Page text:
Regardless of your research area and the methodology you choose, all research proposals must address the following questions: What you plan to accomplish, why you want to do it and how you are going to do it.The proposal should have sufficient information to convince your readers that you have an important research idea, that you have a good grasp of the relevant literature and the major issues, and that your methodology is sound.
Introduction: The main purpose of the introduction is to provide the necessary background or context for your research problem.
How to frame the research problem is perhaps the biggest problem in proposal writing.
The introduction generally covers the following elements: Literature Review: Sometimes the literature review is incorporated into the introduction section.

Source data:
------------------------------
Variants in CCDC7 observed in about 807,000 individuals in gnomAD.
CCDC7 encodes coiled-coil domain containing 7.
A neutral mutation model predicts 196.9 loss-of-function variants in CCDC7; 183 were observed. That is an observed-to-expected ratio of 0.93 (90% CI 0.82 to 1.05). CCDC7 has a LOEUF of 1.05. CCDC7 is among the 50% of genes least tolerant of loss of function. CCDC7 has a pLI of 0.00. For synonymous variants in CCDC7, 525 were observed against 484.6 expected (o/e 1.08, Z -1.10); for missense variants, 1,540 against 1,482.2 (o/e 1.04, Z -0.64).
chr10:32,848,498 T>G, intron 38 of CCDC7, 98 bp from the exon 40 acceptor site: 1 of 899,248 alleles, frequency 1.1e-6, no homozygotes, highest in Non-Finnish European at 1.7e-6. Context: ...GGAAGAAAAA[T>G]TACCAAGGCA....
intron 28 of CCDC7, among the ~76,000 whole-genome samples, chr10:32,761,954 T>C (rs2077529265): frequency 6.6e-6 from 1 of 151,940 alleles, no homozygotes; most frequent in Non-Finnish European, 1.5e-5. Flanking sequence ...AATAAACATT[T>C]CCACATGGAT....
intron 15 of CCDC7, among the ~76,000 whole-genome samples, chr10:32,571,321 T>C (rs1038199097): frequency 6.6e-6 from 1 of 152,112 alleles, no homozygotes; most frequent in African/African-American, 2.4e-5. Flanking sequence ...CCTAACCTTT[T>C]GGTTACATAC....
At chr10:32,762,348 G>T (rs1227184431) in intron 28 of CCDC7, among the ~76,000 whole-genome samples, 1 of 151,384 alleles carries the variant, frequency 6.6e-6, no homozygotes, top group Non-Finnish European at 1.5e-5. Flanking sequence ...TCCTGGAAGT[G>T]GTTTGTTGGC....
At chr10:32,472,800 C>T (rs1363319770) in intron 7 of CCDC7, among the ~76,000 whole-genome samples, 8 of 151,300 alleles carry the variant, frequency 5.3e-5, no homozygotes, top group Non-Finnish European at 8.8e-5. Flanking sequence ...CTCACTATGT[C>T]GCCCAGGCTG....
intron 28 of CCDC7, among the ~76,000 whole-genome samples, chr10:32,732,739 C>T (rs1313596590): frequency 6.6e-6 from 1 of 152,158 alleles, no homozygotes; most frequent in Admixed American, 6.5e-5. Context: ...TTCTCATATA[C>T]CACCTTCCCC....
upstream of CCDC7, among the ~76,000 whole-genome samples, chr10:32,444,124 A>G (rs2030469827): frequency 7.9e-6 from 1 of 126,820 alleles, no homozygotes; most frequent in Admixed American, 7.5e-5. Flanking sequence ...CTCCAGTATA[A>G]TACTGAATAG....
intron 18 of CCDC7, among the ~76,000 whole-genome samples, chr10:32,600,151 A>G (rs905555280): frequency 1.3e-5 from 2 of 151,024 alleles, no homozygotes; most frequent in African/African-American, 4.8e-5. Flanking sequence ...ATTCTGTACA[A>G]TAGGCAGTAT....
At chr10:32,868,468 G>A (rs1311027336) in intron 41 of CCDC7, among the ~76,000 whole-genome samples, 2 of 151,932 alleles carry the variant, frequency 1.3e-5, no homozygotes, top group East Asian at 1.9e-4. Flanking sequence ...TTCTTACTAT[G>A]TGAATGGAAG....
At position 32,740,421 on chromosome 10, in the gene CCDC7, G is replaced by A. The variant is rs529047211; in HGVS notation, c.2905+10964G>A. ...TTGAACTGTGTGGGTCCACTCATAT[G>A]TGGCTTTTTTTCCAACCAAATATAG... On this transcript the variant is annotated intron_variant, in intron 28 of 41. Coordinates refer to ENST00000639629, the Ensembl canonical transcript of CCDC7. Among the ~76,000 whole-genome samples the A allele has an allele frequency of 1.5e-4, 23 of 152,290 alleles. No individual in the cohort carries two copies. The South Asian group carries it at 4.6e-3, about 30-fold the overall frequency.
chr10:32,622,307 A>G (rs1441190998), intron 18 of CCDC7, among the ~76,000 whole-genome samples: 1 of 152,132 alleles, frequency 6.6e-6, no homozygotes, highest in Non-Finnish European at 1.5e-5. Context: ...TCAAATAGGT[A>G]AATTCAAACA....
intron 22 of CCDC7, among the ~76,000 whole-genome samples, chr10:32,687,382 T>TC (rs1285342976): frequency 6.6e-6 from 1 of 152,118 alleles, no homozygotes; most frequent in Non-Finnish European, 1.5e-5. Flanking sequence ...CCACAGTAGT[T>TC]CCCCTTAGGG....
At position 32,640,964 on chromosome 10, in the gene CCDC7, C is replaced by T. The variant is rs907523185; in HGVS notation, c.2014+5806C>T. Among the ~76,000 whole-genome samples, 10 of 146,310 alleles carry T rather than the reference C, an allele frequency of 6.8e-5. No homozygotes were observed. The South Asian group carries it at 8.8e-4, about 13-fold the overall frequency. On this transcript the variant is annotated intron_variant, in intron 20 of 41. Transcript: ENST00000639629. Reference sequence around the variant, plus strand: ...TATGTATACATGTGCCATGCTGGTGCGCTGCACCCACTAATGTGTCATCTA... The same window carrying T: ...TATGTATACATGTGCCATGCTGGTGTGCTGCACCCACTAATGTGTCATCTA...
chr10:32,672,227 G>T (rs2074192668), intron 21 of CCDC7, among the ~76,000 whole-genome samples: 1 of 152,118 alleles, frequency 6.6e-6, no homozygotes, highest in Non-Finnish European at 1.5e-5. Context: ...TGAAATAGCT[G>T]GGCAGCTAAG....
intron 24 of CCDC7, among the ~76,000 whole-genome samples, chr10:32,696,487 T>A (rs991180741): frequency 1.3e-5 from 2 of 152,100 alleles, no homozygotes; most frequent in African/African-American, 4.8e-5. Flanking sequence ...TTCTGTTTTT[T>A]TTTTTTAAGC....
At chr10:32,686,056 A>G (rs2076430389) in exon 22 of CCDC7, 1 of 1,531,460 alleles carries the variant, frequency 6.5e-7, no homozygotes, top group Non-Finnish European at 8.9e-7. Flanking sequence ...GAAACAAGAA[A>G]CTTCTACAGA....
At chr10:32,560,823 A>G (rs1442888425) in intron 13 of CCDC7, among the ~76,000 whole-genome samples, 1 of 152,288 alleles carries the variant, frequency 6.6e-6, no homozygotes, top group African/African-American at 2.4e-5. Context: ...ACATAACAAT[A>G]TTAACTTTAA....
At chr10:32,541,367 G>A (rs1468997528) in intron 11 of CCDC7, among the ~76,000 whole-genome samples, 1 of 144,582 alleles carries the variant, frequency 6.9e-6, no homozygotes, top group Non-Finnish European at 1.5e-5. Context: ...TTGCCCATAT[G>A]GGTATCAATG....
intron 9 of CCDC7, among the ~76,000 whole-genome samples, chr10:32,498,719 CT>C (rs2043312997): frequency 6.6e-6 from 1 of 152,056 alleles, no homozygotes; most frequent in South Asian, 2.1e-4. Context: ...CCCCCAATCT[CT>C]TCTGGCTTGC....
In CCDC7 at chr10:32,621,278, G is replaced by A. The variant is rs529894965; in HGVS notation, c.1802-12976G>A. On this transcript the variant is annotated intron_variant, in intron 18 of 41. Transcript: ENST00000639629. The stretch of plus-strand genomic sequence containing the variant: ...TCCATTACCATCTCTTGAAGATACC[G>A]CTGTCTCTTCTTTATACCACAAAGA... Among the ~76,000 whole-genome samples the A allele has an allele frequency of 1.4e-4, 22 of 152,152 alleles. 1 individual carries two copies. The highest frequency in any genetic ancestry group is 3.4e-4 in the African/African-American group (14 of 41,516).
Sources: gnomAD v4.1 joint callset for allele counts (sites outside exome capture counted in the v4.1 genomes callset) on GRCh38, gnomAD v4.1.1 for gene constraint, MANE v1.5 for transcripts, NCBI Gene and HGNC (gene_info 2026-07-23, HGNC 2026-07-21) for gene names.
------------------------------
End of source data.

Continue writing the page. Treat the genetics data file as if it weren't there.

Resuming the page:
However, most professors prefer a separate section, which allows a more thorough review of the literature.
The literature review serves several important functions: Your scholarship and research competence will be questioned if any of the above applies to your proposal.
There are different ways to organize your literature review.
Do not bore them, because it may lead to rejection of your worthy proposal.
(Remember: Professors and scientists are human beings too.) Methods: The Method section is very important because it tells your Research Committee how you plan to tackle your research problem.
Some even argue that a good proposal should contain sufficient details for another qualified researcher to implement the study.
You need to demonstrate your knowledge of alternative methods and make the case that your approach is the most appropriate and most valid way to address your research question.